Marriages that survive decades always have coping techniques. I find that even when they are understood by the two parties that the technique may be unspoken and so natural that neither party realizes that they are using it is in action. These techniques are one of the more effective ways that lessons are put back into use without assigning blame.
For Cherry and I one of the tools in the relationship kit has been to automatically give space, lots of it at times, when one of us is angry, frustrated, or really tired. Some see this as a negative coping technique, one that says “when you’re down on your luck, even your family avoids you – yes, even your beset friends wish you’d get lost.” (Proverbs 19.7) However for us it has proven to be both positive and nurturing.
There is one problem. When everyone leaves you alone it gets very quiet. You have plenty of space to mumble and verbalize but there is nobody to hear your thoughts and insights. You can express things knowing that you will not have to pay a price for the inadvertent thought yet you also know that nobody listened. You have the freedom to wave arms, stomp the feet, or throw things, though you also need to remember that nobody is watching. The result is that you feel totally and utterly alone.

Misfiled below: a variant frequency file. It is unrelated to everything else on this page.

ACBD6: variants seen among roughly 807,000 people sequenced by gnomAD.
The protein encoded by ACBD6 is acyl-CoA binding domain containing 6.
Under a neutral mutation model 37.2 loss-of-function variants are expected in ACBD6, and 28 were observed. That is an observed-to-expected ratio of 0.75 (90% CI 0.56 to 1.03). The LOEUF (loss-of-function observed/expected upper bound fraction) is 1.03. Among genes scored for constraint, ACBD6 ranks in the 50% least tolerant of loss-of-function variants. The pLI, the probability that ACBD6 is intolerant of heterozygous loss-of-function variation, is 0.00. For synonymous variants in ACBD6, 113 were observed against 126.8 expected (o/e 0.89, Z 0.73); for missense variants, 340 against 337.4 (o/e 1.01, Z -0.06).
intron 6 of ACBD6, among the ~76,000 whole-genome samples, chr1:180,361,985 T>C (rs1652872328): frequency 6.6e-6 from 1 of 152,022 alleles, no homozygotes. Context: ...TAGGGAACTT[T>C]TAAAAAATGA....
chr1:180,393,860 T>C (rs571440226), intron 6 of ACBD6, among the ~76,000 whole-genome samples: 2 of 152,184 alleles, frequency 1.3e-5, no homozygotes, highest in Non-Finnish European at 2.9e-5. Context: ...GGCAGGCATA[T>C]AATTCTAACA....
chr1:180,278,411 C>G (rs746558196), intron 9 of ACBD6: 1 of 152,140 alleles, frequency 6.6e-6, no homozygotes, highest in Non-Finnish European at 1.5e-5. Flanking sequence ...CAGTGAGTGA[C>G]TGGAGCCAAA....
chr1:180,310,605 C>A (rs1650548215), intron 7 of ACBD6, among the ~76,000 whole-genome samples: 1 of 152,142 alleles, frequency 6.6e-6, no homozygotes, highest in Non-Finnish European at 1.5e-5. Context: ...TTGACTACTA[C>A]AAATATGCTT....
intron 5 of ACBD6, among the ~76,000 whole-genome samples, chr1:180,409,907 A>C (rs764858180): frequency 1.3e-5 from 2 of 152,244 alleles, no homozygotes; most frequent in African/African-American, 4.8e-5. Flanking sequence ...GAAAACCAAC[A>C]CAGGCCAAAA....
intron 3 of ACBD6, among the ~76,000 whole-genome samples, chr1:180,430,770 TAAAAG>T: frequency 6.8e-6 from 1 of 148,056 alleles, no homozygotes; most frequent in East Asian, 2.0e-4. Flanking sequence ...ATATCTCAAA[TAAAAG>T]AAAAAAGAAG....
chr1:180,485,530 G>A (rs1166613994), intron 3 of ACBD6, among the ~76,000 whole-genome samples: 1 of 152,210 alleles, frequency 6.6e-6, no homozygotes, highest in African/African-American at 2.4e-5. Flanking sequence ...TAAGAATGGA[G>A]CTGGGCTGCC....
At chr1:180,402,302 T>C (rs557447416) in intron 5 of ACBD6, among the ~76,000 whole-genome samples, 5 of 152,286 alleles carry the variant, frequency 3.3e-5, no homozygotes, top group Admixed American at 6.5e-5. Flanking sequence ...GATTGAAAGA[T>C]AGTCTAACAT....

I have grown to learn that I am never alone. It may be a clich?; yet for me there is a very real physical assurance, knowledge, and experience that God is here. I can sense the Presence. I can feel, tangibly, that a powerful force is enveloping whatever it is that constitutes who I am. God loves unconditionally. God accepts one in the place and time where they are. God offers unlimited amounts of compassion.
There have been many lessons over the years. I do not think that I am any different from you and the next person down the street. God loves each in ways that defy your or my understanding; we can be his recreation.